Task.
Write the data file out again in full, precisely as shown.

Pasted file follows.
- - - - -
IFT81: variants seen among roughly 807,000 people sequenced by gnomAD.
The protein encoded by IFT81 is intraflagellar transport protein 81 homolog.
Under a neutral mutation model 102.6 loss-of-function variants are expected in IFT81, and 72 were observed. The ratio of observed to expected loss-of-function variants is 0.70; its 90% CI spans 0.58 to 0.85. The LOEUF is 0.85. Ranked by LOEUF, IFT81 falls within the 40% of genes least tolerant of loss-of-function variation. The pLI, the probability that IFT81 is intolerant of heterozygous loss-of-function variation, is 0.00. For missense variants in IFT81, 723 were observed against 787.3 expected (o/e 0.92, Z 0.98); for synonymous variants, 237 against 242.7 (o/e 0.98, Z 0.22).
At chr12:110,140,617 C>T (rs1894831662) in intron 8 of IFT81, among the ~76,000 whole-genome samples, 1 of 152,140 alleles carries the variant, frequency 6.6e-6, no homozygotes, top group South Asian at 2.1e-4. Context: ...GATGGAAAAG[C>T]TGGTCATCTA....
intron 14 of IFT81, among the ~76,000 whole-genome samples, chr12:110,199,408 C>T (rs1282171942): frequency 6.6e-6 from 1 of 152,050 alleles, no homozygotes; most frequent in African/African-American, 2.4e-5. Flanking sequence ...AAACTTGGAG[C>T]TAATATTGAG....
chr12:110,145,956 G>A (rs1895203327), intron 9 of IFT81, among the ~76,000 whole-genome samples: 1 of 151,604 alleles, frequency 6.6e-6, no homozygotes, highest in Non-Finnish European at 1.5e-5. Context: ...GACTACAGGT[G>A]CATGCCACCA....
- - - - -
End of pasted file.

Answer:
IFT81: variants seen among roughly 807,000 people sequenced by gnomAD.
The protein encoded by IFT81 is intraflagellar transport protein 81 homolog.
Under a neutral mutation model 102.6 loss-of-function variants are expected in IFT81, and 72 were observed. The ratio of observed to expected loss-of-function variants is 0.70; its 90% CI spans 0.58 to 0.85. The LOEUF is 0.85. Ranked by LOEUF, IFT81 falls within the 40% of genes least tolerant of loss-of-function variation. The pLI, the probability that IFT81 is intolerant of heterozygous loss-of-function variation, is 0.00. For missense variants in IFT81, 723 were observed against 787.3 expected (o/e 0.92, Z 0.98); for synonymous variants, 237 against 242.7 (o/e 0.98, Z 0.22).
At chr12:110,140,617 C>T (rs1894831662) in intron 8 of IFT81, among the ~76,000 whole-genome samples, 1 of 152,140 alleles carries the variant, frequency 6.6e-6, no homozygotes, top group South Asian at 2.1e-4. Context: ...GATGGAAAAG[C>T]TGGTCATCTA....
intron 14 of IFT81, among the ~76,000 whole-genome samples, chr12:110,199,408 C>T (rs1282171942): frequency 6.6e-6 from 1 of 152,050 alleles, no homozygotes; most frequent in African/African-American, 2.4e-5. Flanking sequence ...AAACTTGGAG[C>T]TAATATTGAG....
chr12:110,145,956 G>A (rs1895203327), intron 9 of IFT81, among the ~76,000 whole-genome samples: 1 of 151,604 alleles, frequency 6.6e-6, no homozygotes, highest in Non-Finnish European at 1.5e-5. Context: ...GACTACAGGT[G>A]CATGCCACCA....